A prescribed set of hospital-wide patient-safety programs can lead to rapid improvements in the “culture of safety” even in a large, complex, academic medical center, according to a new study by safety experts at Johns Hopkins.
“It doesn’t take decades or tons of money to get from a culture that says ‘mistakes are inevitable’ to a belief that harm is entirely preventable,” says Peter Pronovost, M.D., Ph.D. “What it takes is leadership.”
Pronovost is a professor of anesthesiology and critical care medicine at the Johns Hopkins University School of Medicine and leader of the study published online in the journal Quality and Safety in Health Care.
Drilling that belief in prevention into dozens of disparate hospital units can seem a daunting task, Pronovost acknowledges, but he says he was pleasantly surprised by the results of his latest study, which was conducted at the thousand-bed, 144-unit Johns Hopkins Hospital in Baltimore.
Establishing a sustained culture of safety in health care has been associated with better outcomes for patients in previous studies.
From 2006 to 2008, Pronovost’s team implemented a comprehensive, unit-based safety program, or CUSP, at JHH, designed to make mistakes more transparent and use that and other tools to improve the culture of safety.
CUSP relies heavily on “local staff” training in the science of safety — how to identify problems, report them, measure them, plan and implement corrections, and measure again. It also employs discussions about improving communication and teamwork.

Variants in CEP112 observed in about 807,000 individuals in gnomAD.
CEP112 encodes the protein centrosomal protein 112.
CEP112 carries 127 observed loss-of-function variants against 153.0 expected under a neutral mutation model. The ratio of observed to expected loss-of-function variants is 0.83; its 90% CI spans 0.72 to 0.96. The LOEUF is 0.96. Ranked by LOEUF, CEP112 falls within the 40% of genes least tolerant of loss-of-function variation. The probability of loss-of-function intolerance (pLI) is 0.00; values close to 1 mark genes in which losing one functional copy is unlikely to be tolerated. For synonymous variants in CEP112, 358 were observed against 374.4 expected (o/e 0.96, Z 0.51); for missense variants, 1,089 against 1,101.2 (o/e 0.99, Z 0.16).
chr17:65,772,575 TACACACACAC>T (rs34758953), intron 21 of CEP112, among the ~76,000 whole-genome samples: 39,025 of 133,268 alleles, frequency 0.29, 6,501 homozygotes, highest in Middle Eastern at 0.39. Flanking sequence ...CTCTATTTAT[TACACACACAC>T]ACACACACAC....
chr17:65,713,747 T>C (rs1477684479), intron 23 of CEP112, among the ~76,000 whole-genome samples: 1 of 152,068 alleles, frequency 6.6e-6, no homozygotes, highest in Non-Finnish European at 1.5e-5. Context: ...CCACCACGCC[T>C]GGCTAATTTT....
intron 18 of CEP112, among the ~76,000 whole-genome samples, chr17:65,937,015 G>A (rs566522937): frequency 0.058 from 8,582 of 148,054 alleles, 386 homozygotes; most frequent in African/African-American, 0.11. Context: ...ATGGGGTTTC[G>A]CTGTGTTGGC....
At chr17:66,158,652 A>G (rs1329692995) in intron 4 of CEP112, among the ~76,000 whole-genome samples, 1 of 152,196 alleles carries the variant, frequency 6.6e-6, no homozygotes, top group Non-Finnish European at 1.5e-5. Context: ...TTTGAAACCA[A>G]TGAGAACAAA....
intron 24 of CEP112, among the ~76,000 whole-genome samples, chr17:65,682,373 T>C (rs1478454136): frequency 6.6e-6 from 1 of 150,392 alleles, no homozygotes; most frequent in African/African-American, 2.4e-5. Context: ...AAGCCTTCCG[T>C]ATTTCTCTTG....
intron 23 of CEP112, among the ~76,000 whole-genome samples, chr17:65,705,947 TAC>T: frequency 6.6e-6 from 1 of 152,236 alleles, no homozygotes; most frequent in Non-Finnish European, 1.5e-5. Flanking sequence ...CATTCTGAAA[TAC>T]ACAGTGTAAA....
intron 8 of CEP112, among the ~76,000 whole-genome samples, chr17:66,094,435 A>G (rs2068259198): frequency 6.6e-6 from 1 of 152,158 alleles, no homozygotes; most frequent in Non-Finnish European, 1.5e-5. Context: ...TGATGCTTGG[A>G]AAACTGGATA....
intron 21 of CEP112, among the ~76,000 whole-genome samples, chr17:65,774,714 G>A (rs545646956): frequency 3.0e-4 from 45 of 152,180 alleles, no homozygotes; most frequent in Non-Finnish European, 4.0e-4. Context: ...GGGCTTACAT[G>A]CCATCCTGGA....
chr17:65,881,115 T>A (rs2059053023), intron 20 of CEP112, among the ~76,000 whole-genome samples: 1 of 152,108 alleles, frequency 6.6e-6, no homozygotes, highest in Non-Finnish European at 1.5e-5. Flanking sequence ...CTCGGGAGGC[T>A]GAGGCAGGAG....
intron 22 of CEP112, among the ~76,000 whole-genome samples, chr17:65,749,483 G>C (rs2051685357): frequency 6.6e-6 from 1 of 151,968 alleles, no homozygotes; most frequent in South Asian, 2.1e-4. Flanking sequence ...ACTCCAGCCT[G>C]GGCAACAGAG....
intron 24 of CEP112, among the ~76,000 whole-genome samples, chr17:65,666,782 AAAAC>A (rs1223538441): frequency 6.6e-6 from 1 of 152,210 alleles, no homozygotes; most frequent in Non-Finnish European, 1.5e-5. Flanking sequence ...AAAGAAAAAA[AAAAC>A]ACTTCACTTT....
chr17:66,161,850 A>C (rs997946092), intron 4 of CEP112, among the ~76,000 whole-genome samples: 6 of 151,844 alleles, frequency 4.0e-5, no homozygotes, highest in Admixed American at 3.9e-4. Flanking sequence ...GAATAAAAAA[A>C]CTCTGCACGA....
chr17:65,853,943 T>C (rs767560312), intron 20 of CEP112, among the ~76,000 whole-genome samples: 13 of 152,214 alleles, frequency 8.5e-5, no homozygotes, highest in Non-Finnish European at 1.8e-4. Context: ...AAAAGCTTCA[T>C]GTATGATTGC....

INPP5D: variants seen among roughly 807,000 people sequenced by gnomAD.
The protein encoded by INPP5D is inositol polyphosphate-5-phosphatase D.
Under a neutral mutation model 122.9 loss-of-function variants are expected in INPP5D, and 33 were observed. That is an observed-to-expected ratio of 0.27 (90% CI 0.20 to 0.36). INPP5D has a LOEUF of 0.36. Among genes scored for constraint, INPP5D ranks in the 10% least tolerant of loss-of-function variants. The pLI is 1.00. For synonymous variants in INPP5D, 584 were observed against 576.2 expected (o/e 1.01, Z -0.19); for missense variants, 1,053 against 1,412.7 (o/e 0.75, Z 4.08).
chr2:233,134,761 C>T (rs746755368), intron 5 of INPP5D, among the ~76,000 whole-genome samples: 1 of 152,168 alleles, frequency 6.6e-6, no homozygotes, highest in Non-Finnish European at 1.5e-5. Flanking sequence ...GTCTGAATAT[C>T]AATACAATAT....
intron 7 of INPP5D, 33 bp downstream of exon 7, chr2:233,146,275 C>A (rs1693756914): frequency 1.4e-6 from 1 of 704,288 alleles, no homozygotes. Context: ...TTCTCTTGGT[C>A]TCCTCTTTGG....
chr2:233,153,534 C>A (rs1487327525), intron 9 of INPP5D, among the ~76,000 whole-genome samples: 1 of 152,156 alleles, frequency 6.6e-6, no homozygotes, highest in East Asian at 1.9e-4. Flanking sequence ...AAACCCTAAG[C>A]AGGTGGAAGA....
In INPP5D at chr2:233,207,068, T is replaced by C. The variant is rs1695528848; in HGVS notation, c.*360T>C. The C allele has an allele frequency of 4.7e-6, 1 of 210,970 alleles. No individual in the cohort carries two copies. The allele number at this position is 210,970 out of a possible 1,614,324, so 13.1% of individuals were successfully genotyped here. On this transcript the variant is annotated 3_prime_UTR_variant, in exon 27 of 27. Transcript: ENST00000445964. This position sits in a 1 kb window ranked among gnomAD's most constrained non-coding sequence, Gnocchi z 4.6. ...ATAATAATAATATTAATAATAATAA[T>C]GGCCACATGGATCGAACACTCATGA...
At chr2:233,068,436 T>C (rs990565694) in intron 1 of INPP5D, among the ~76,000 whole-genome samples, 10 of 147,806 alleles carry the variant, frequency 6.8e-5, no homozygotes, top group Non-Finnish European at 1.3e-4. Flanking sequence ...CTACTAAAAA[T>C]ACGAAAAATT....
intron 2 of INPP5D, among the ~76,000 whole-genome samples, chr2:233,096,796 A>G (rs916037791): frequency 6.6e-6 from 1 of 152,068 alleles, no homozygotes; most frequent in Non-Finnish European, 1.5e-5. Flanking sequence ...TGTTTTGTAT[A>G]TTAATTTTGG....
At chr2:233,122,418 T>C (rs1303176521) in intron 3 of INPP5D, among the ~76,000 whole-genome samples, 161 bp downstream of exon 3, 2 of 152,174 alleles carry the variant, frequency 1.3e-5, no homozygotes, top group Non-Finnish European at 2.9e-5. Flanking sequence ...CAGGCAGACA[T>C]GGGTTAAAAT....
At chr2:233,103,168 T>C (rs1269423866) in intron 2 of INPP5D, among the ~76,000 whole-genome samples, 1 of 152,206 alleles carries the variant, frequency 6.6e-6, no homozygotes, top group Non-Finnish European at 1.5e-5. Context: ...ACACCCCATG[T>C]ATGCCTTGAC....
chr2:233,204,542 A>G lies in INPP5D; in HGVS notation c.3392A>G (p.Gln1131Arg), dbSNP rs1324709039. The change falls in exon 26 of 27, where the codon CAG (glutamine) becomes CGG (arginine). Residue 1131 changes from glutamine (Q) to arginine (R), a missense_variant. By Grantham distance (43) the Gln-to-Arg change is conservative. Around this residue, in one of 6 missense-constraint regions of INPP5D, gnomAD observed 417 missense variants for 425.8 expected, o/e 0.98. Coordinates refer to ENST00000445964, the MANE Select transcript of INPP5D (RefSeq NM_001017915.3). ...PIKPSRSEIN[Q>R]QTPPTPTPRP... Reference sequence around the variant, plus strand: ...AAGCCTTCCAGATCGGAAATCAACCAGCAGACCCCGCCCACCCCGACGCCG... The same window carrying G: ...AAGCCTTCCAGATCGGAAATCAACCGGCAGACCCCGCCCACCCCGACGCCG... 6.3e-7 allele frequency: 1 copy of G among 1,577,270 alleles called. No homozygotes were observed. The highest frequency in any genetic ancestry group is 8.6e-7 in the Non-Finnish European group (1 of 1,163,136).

A novel layer of CUSP is buy-in from the senior management of the hospital, with an executive meeting monthly with each unit’s patient safety team and other staff to ensure that resources are made available for quick, evidence-based interventions necessary to reduce risks to patients.
Johns Hopkins also put in place an electronic event-reporting system, which all staff members are encouraged to use. All reported events are reviewed by the hospital’s patient safety office, categorized and assigned to a designated and accountable improvement team. The review helps to identify trends and give feedback to those on the front lines.
In the new study, hospital staffers on each unit were surveyed annually from 2006 to 2008 to assess safety attitudes and to determine whether the CUSP program appeared to be working. Researchers determined that a safety goal was achieved when a unit met or exceeded a 60 percent positive score on a five-point Likert response scale, from strongly disagree to strongly agree.
In 2006, the first year, 55 percent of the units achieved the safety “culture” changes set for them. In 2008, 82 percent reached the goal. The teamwork goal was met by 61 percent of units in 2006 and 83 percent of units two years later. In both years, survey response rates hovered near 80 percent of staff members.
“We want a culture where nurses aren’t afraid to raise concerns with doctors, where problems are solved not by looking at who is right but what is right for the patient, where staff believe that hospital leaders are committed to make health care safe,” Pronovost says. “We don’t want a place where the staff wouldn’t be comfortable being treated as patients.”
Pronovost says his research shows that when a hospital makes a commitment to safety interventions, improvements can be made. One limitation of the study, he says, was that improved safety culture could not be tied to improved patient outcomes.
Meanwhile, Pronovost says that if a large institution such as Johns Hopkins can achieve such gains in culture, smaller hospitals may be able to achieve even more success.
“If we can do it in our organization, it’s much easier to do in smaller institutions,” he says. “In this case, size is a limitation.”
Other Johns Hopkins researchers involved in the study are Lori Paine; Beryl J. Rosenstein, M.D.; J. Bryan Sexton, Ph.D.; Paula Kent, M.S.N., M.B.A.; and Christine G. Holzmueller, B.L.A.
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